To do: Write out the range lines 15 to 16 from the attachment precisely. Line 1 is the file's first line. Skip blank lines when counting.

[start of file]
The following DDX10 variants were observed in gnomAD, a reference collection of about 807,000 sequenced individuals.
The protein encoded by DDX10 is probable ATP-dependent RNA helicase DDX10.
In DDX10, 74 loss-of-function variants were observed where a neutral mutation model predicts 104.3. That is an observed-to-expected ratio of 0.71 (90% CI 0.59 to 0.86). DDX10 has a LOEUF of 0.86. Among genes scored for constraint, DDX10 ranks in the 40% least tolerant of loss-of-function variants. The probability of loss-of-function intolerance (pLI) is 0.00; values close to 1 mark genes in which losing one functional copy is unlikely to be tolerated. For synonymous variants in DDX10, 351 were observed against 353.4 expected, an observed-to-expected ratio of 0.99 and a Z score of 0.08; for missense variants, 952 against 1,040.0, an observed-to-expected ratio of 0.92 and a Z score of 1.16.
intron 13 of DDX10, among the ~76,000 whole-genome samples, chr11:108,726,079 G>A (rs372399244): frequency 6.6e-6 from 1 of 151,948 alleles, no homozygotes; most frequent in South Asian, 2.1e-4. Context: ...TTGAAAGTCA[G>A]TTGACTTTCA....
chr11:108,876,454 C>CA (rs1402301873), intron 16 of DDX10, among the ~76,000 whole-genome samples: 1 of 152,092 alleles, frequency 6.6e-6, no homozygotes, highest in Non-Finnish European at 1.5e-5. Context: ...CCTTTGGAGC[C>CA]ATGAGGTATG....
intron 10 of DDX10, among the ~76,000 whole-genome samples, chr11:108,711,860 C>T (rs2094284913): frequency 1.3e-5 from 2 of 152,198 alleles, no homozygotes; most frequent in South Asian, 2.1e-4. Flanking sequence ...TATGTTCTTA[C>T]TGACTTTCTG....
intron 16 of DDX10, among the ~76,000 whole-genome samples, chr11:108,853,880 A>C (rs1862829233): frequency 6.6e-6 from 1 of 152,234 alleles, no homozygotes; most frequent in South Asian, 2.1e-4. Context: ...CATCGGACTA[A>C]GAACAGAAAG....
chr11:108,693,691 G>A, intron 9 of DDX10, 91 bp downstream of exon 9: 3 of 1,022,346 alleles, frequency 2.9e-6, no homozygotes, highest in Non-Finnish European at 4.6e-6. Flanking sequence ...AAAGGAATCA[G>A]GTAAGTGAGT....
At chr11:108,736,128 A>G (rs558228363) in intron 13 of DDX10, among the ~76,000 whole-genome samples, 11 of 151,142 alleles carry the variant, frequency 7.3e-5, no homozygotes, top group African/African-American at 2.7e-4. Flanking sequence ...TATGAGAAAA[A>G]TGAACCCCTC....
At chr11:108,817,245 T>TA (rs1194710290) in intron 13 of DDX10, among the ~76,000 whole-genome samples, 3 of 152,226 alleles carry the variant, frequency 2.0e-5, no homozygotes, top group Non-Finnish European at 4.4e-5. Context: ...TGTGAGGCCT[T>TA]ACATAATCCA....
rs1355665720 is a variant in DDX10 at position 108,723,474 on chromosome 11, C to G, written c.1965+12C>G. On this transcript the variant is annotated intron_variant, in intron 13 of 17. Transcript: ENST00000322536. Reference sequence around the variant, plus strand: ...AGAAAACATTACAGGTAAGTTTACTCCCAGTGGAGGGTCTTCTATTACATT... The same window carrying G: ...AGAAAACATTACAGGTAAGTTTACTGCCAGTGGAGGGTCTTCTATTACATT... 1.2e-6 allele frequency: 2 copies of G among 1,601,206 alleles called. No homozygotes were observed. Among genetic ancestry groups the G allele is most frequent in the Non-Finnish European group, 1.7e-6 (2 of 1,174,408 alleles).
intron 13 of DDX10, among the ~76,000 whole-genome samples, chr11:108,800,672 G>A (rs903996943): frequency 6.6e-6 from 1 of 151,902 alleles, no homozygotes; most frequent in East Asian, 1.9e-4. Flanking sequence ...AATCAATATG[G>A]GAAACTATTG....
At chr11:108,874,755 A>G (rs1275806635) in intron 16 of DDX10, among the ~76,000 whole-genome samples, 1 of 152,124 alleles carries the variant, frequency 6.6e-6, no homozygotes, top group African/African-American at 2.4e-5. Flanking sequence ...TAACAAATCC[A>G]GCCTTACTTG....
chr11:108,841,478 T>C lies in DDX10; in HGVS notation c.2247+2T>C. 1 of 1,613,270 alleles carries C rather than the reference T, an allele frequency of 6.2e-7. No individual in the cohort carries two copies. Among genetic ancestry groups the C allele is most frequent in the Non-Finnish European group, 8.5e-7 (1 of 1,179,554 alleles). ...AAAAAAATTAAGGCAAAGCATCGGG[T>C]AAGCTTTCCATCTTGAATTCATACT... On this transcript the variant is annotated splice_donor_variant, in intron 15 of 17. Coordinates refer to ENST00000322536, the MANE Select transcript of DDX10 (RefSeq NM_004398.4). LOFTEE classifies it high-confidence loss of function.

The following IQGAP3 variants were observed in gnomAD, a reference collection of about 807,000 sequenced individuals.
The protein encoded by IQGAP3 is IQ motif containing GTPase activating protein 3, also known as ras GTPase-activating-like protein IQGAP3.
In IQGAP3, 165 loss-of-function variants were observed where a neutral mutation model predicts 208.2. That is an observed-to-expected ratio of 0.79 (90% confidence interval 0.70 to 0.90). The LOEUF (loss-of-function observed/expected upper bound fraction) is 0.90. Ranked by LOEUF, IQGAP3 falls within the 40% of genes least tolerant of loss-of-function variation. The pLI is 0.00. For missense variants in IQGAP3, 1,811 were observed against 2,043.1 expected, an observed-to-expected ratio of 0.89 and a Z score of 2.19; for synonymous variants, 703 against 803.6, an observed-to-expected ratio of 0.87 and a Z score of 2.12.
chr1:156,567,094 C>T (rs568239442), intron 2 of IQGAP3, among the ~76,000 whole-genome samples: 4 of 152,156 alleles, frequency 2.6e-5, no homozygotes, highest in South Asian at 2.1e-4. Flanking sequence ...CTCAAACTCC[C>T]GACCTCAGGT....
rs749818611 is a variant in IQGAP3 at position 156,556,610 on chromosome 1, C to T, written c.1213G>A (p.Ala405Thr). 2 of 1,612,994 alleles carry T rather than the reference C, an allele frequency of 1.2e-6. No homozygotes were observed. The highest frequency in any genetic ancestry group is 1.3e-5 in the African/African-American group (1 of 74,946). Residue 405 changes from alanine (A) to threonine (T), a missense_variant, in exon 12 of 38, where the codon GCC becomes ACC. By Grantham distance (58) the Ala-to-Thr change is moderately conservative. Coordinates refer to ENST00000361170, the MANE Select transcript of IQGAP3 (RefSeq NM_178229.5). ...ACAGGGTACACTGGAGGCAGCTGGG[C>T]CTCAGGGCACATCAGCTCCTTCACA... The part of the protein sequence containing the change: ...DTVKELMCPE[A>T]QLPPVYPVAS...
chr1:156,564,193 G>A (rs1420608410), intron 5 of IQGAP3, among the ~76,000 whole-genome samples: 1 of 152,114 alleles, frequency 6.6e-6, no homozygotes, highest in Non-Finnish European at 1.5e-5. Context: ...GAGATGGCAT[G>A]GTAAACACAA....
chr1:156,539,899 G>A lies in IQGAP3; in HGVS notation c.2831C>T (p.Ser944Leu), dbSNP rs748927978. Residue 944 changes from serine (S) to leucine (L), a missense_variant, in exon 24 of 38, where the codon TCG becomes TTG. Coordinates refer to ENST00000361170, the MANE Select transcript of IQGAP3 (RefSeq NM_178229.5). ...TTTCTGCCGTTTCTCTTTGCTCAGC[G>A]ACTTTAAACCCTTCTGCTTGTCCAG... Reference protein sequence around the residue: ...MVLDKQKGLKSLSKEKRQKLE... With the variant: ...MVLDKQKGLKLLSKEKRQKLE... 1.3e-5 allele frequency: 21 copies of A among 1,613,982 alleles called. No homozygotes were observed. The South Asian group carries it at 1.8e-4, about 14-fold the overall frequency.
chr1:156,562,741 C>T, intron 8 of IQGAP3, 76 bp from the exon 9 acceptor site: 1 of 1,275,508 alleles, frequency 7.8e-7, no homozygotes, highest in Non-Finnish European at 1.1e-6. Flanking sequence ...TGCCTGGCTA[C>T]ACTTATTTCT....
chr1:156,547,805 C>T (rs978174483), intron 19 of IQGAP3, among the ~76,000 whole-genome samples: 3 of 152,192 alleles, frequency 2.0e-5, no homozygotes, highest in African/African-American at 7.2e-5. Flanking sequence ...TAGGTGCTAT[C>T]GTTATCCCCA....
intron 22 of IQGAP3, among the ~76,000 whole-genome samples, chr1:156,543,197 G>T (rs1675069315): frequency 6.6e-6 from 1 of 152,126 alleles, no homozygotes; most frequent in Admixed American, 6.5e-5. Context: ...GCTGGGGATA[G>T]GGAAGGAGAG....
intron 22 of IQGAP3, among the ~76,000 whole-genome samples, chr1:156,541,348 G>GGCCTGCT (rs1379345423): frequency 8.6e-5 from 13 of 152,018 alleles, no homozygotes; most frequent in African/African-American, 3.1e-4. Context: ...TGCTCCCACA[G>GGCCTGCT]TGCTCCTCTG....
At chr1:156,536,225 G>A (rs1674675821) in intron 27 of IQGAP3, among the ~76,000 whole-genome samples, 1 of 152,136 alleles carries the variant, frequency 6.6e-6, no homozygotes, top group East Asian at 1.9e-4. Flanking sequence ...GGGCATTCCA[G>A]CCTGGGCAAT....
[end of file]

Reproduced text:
The following IQGAP3 variants were observed in gnomAD, a reference collection of about 807,000 sequenced individuals.
The protein encoded by IQGAP3 is IQ motif containing GTPase activating protein 3, also known as ras GTPase-activating-like protein IQGAP3.